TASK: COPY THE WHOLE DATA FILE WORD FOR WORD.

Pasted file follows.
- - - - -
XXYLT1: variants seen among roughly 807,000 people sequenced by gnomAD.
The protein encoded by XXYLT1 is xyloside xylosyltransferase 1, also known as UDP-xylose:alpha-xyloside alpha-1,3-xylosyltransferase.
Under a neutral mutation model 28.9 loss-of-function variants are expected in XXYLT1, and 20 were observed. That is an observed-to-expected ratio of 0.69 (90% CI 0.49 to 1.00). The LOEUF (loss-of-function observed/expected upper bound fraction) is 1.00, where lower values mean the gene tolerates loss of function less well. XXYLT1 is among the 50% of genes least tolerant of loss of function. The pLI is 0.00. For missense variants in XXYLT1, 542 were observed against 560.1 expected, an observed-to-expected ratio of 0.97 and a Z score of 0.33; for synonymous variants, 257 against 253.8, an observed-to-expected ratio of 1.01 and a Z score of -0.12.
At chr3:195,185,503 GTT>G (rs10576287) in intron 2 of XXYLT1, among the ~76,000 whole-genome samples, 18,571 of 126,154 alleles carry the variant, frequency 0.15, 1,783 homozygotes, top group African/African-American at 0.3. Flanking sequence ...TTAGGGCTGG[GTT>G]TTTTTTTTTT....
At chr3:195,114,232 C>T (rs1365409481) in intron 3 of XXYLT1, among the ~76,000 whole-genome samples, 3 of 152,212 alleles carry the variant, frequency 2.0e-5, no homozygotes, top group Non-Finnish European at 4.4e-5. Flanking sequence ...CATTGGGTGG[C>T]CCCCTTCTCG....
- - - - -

XXYLT1: variants seen among roughly 807,000 people sequenced by gnomAD.
The protein encoded by XXYLT1 is xyloside xylosyltransferase 1, also known as UDP-xylose:alpha-xyloside alpha-1,3-xylosyltransferase.
Under a neutral mutation model 28.9 loss-of-function variants are expected in XXYLT1, and 20 were observed. That is an observed-to-expected ratio of 0.69 (90% CI 0.49 to 1.00). The LOEUF (loss-of-function observed/expected upper bound fraction) is 1.00, where lower values mean the gene tolerates loss of function less well. XXYLT1 is among the 50% of genes least tolerant of loss of function. The pLI is 0.00. For missense variants in XXYLT1, 542 were observed against 560.1 expected, an observed-to-expected ratio of 0.97 and a Z score of 0.33; for synonymous variants, 257 against 253.8, an observed-to-expected ratio of 1.01 and a Z score of -0.12.
At chr3:195,185,503 GTT>G (rs10576287) in intron 2 of XXYLT1, among the ~76,000 whole-genome samples, 18,571 of 126,154 alleles carry the variant, frequency 0.15, 1,783 homozygotes, top group African/African-American at 0.3. Flanking sequence ...TTAGGGCTGG[GTT>G]TTTTTTTTTT....
At chr3:195,114,232 C>T (rs1365409481) in intron 3 of XXYLT1, among the ~76,000 whole-genome samples, 3 of 152,212 alleles carry the variant, frequency 2.0e-5, no homozygotes, top group Non-Finnish European at 4.4e-5. Flanking sequence ...CATTGGGTGG[C>T]CCCCTTCTCG....